1. A more accurate translation of the lyrics in Latin: Gloria, in te Dómine means Glory in you, Lord, which is saying not "glory to God" but rather that "glory is in God". Exsultáte is really not that hard to translate: it means "rejoice", "exalt". In this particular case it is an exhortative conjugation. The verses, however, are not from the Te Deum, they seem to be a rather basic use of Latin phrases which are common in Catholic Liturgy. For further illustration of the meaning, refer to the Te Deum which includes the verse In te, Dómine, sperávi = In you, Lord, I trusted, and Psalm #2, which includes the verse Servíte Dómino in timóre et exsultáte ei cum tremóre = Serve the Lord with (in) fear, and exalt Him with (holy) tremor. (Taken from the Daily Roman Missal). Thus the meaning of the entire Latin text of the song is literally "Glory in you Lord; exalt Him". The first verse is spoken to God and the second one to man. It is most likely that Bono didn't know his Latin grammar when he wrote this song, and therefore we can only speculate on what he actually tried to say on this song. My personal theory is that he only used Latin to give the song more style and impact, seeing as how Latin being the official language of the Catholic Church gives people a feeling of more "universality" ("catholicity"), inasmuch as through Latin liturgy we relate to God in "One" ;) tongue common to the entire Church rather than being separated by barriers of language; therefore, the song by using Latin conveys, at least to me and many other Catholic fans of U2, a feeling of universal brotherhood, thus serving a double purpose: praising God and uniting His people at the same time, which I think mirrors the verses perfectly, since first he sings God's praises and then invites us to join in exalting Him.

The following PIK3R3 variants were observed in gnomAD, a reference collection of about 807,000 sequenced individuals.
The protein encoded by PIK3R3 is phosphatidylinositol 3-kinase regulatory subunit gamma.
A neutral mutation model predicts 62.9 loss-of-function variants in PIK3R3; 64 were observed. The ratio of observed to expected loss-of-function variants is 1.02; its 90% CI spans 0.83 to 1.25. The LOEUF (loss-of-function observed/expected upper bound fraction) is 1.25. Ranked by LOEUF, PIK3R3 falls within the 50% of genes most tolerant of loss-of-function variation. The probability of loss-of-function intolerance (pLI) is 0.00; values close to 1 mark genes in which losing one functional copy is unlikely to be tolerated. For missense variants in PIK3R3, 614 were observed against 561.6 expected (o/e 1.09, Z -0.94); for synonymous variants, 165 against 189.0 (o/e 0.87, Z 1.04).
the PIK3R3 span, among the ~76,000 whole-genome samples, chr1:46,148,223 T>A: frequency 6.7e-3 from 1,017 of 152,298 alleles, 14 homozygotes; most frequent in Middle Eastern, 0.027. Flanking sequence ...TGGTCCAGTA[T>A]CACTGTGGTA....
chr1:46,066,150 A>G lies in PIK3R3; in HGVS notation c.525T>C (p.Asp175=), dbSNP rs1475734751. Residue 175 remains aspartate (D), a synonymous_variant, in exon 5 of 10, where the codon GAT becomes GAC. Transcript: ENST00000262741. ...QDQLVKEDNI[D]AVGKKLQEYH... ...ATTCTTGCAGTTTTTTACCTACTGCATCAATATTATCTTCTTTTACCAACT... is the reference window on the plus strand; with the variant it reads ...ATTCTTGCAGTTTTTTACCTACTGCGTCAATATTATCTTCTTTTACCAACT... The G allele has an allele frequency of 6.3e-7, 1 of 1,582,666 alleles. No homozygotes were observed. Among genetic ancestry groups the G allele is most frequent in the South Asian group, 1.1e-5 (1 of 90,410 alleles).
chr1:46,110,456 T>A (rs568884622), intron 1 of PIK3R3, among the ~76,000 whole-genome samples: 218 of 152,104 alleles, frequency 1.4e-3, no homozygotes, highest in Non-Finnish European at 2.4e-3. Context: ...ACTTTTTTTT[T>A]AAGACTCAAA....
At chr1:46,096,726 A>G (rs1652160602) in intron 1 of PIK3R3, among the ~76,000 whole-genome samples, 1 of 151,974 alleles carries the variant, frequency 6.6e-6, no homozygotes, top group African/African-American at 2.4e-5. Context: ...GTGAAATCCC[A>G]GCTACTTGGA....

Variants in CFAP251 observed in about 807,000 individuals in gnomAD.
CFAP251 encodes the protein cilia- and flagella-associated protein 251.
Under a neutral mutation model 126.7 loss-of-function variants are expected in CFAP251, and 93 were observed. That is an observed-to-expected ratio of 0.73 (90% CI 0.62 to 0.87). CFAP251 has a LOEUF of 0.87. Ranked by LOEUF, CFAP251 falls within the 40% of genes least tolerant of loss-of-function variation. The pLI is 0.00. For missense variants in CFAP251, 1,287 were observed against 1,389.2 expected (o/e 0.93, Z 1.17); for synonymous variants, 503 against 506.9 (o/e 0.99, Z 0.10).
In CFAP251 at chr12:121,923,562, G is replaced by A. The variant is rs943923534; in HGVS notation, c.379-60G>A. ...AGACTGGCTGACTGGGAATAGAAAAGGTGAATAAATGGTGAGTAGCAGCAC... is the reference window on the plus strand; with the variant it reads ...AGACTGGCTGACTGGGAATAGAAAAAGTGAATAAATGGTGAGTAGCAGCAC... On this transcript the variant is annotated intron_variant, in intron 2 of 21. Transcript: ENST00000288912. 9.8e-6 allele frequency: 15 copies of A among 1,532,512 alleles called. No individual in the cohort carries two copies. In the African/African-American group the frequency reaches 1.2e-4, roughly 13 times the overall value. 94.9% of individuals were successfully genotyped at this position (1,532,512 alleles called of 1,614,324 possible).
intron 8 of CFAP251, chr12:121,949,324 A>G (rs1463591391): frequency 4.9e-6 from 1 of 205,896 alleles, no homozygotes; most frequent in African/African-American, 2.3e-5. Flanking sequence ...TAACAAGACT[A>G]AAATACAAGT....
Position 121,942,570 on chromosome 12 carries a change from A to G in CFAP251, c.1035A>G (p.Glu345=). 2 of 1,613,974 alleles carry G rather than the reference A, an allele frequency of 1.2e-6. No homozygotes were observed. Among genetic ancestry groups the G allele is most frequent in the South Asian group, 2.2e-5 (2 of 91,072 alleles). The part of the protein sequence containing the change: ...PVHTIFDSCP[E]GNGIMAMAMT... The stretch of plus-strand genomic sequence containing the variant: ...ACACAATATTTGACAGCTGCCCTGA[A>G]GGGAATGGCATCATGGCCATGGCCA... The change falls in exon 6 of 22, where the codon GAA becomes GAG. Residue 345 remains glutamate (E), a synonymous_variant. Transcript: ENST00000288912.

Juan Pablo G. jpablogc@hotmail.com ( 7:th of July 2003)